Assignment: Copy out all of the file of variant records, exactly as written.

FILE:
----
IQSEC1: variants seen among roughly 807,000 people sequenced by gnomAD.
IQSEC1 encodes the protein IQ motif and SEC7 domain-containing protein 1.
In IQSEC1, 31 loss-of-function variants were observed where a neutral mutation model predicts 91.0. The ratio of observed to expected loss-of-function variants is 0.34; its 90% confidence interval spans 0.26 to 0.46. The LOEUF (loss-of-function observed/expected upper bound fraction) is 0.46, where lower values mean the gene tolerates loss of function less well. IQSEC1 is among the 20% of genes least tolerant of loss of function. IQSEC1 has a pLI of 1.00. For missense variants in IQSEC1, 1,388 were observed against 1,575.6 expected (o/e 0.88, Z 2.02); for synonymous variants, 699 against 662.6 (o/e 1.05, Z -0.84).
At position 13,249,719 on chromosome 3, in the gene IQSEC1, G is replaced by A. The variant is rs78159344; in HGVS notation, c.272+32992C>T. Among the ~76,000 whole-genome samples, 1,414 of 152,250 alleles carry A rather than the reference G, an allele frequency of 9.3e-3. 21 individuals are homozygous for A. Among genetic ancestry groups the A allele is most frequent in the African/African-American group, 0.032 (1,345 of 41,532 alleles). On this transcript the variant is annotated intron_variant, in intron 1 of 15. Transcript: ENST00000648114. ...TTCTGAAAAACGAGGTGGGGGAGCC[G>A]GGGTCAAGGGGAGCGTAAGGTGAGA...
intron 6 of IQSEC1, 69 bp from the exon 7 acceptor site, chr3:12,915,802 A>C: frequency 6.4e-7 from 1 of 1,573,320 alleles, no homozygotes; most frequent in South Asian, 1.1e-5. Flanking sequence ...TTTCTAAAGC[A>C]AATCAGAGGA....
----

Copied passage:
IQSEC1: variants seen among roughly 807,000 people sequenced by gnomAD.
IQSEC1 encodes the protein IQ motif and SEC7 domain-containing protein 1.
In IQSEC1, 31 loss-of-function variants were observed where a neutral mutation model predicts 91.0. The ratio of observed to expected loss-of-function variants is 0.34; its 90% confidence interval spans 0.26 to 0.46. The LOEUF (loss-of-function observed/expected upper bound fraction) is 0.46, where lower values mean the gene tolerates loss of function less well. IQSEC1 is among the 20% of genes least tolerant of loss of function. IQSEC1 has a pLI of 1.00. For missense variants in IQSEC1, 1,388 were observed against 1,575.6 expected (o/e 0.88, Z 2.02); for synonymous variants, 699 against 662.6 (o/e 1.05, Z -0.84).
At position 13,249,719 on chromosome 3, in the gene IQSEC1, G is replaced by A. The variant is rs78159344; in HGVS notation, c.272+32992C>T. Among the ~76,000 whole-genome samples, 1,414 of 152,250 alleles carry A rather than the reference G, an allele frequency of 9.3e-3. 21 individuals are homozygous for A. Among genetic ancestry groups the A allele is most frequent in the African/African-American group, 0.032 (1,345 of 41,532 alleles). On this transcript the variant is annotated intron_variant, in intron 1 of 15. Transcript: ENST00000648114. ...TTCTGAAAAACGAGGTGGGGGAGCC[G>A]GGGTCAAGGGGAGCGTAAGGTGAGA...
intron 6 of IQSEC1, 69 bp from the exon 7 acceptor site, chr3:12,915,802 A>C: frequency 6.4e-7 from 1 of 1,573,320 alleles, no homozygotes; most frequent in South Asian, 1.1e-5. Flanking sequence ...TTTCTAAAGC[A>C]AATCAGAGGA....